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Napoleon on Politics & Power

  • He who knows how to flatter also knows how to slander.

  • Four hostile newspapers are more to be feared than a thousand bayonets.

  • International incidents must not be allowed to shape foreign policy, foreign policy must shape the incidents.

  • Good and decent people must be protected and persuaded by gentle means, but the rabble must be led by terror.

  • It is an ambassador's duty to stand up for his nation's foreign policy in any era and under any government whatsoever. Ambassadors are, in the full meaning of the term, titled spies.

  • A man made for public life and authority never takes account of personalities; he only takes account of things, of their weight and their conseqences.

  • In political administration, no problem is ever simple. It can never be reduced to the question whether a certain measure is good or not.

  • Democracy, if it is reasonable, limits itself to giving everyone an equal opportunity to compete and to obtain.

  • Europe is a molehill. All great empires and revolutions have been on the Orient; six hundred millions live there.

  • If fifty thousand men were to die for the good of the State, I certainly would weep for them, but political necessity comes before everything else.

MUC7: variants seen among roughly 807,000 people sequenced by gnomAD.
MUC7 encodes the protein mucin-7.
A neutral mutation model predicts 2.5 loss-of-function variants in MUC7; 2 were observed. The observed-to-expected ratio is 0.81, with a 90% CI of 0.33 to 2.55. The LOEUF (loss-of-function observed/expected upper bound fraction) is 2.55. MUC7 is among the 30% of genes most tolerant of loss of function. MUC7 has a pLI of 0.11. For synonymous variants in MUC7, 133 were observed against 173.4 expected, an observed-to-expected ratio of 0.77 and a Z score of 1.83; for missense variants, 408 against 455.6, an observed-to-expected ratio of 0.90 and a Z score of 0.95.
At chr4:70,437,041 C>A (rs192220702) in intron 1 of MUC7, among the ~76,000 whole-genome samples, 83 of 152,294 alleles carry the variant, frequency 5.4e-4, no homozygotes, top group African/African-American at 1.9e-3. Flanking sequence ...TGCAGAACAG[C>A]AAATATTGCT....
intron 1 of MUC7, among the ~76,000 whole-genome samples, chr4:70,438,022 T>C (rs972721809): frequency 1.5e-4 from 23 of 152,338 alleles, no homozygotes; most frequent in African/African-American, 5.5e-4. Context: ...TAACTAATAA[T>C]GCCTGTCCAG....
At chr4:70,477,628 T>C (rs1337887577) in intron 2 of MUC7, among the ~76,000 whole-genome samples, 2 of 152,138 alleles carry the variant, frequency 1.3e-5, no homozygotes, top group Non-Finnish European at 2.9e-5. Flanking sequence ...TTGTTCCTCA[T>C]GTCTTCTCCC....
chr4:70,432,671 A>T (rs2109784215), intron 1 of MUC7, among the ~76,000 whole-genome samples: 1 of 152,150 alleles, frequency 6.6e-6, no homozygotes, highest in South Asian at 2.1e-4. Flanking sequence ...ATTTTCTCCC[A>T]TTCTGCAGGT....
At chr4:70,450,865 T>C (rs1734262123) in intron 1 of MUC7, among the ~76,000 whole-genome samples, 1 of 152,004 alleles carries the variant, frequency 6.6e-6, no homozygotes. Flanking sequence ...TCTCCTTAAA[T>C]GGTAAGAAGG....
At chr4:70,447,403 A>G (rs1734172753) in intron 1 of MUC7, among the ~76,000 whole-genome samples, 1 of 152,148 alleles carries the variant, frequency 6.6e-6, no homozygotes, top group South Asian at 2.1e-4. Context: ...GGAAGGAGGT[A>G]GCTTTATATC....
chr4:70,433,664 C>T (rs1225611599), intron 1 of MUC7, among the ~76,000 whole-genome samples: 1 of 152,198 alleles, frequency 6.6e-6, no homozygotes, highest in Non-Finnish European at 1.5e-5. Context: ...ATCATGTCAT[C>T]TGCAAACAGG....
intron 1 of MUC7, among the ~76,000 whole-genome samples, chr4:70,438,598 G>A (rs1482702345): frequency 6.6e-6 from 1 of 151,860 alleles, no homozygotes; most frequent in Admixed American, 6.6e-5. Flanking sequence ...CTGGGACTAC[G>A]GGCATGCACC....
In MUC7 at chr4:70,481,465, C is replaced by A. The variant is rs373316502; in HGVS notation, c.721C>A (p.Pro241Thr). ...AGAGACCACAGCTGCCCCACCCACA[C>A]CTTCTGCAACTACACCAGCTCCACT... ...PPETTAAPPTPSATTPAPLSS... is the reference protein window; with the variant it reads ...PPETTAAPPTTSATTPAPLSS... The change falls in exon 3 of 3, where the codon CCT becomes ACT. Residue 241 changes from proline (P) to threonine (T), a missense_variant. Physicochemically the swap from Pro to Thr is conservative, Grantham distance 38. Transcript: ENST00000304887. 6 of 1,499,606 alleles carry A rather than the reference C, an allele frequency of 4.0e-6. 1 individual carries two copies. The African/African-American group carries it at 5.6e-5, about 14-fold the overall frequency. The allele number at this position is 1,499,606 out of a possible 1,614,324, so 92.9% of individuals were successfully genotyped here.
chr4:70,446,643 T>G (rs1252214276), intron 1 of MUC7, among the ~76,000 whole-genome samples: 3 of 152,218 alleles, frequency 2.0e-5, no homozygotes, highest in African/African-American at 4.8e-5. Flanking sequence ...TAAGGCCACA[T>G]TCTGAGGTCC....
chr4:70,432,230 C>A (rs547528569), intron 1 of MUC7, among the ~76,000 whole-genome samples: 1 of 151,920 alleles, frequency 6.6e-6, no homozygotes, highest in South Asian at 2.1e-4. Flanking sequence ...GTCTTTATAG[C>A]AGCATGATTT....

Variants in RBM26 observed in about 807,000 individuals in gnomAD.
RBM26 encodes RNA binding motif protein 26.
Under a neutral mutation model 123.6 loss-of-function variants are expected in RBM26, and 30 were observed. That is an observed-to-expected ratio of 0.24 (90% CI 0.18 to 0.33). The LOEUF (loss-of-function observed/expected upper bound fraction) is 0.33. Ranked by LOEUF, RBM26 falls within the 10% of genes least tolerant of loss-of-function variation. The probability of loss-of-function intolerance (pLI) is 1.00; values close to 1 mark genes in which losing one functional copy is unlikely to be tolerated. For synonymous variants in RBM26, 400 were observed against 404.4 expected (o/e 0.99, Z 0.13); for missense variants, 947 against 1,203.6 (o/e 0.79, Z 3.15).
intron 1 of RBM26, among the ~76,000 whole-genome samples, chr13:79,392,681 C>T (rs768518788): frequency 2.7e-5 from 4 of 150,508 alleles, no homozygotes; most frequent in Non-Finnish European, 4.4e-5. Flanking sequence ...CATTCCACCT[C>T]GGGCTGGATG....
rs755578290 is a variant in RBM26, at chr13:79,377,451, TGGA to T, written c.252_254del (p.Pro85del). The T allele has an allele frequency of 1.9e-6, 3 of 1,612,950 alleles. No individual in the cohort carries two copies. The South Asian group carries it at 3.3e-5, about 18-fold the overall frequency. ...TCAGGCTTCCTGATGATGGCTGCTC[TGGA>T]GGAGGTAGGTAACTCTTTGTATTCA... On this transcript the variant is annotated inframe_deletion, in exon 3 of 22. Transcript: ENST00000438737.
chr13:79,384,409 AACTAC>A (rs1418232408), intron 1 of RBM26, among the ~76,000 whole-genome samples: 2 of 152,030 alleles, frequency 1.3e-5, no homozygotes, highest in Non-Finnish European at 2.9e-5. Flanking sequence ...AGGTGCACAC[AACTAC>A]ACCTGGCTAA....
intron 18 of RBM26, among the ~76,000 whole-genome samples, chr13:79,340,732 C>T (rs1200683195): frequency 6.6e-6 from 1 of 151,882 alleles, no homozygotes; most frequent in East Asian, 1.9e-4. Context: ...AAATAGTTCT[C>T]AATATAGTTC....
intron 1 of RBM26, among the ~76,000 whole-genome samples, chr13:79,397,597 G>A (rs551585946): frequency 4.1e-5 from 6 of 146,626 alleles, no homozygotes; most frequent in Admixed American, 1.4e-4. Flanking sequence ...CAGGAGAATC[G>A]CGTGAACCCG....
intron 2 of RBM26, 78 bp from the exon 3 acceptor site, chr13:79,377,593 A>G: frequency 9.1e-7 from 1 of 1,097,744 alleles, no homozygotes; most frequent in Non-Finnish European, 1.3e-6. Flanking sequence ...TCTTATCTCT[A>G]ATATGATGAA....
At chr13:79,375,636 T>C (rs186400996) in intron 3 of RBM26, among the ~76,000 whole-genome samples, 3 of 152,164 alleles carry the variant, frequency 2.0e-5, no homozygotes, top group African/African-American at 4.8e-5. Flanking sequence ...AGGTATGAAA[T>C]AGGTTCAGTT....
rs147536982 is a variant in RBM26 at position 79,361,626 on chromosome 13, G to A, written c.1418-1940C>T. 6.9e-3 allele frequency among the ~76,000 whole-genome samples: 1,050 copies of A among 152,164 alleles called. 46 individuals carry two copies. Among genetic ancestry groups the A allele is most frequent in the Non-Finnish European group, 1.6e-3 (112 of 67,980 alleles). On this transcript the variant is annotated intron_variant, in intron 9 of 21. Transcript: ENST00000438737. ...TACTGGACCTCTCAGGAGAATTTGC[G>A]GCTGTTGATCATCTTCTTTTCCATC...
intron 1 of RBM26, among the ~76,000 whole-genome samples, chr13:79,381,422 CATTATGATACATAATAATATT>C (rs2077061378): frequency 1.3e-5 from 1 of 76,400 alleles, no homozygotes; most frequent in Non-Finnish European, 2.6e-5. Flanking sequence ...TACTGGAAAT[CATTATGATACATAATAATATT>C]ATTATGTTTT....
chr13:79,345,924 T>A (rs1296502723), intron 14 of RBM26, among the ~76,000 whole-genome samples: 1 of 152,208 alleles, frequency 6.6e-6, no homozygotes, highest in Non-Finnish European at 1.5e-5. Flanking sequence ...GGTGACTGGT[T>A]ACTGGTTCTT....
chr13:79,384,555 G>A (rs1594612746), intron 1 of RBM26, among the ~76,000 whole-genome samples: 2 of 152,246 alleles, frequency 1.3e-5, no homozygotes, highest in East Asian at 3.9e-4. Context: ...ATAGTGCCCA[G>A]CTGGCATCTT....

• Bloodletting is among the ingredients of political medicine.

  • In war, as in politics, no evil - even if it is permissible under the rules - is excusable unless it is absolutely necessary. Everything beyond that is a crime.

  • Passions change, politics are immutable.

  • Governments keep their promises only when they are forced, or when it is to their advantage to do so.

  • A true master of politics is able to calculate, down to the smallest fraction, the advantages to which he may put his very faults.

  • In politics, stupidity is not a handicap.

  • High politic is only common sense applied to great things.

  • If you wish to be success in the world, promise everything, deliver nothing.

  • In politics... never retreat, never retract... never admit a mistake.

  • In politics, an absurdity is not a handicap.

  • A new-born Government must shine and astonish — the moment it loses its éclat it falls.

  • A great Nation should have a fixed Government, so that the death of one man should not overturn it.

  • Where the Government is weak, military sway prevails.

  • For the stability of the Government, the people should have a considerable voice in the elections.

  • In a great nation, the majority are incapable of judging wisely of things.

  • The sovereignty of the people is inalienable.

  • There is no power without justice.

  • Great events ever depend but upon a single hair. The adroit man profits by everything, neglects nothing which can increase his chances; the less adroit, by sometimes disregarding a single chance, fails in everything.

  • A King should sacrifice the best affections of his heart for the good of his country; no sacrifice should be above his determination.